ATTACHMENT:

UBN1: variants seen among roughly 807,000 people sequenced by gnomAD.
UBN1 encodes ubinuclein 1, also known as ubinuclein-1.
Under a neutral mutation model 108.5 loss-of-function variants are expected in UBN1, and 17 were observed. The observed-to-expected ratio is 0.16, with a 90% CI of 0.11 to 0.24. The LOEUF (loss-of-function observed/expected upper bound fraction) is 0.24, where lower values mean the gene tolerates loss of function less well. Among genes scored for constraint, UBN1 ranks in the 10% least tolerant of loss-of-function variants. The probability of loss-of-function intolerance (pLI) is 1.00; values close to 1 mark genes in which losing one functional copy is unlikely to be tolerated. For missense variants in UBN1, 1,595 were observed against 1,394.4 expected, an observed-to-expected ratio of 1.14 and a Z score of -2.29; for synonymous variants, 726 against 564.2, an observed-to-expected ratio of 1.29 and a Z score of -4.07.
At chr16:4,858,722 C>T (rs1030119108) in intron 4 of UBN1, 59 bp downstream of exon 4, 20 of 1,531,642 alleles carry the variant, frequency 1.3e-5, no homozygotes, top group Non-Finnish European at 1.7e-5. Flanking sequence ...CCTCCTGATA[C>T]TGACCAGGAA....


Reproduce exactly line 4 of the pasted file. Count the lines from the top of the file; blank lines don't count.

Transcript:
At chr16:4,858,722 C>T (rs1030119108) in intron 4 of UBN1, 59 bp downstream of exon 4, 20 of 1,531,642 alleles carry the variant, frequency 1.3e-5, no homozygotes, top group Non-Finnish European at 1.7e-5. Flanking sequence ...CCTCCTGATA[C>T]TGACCAGGAA....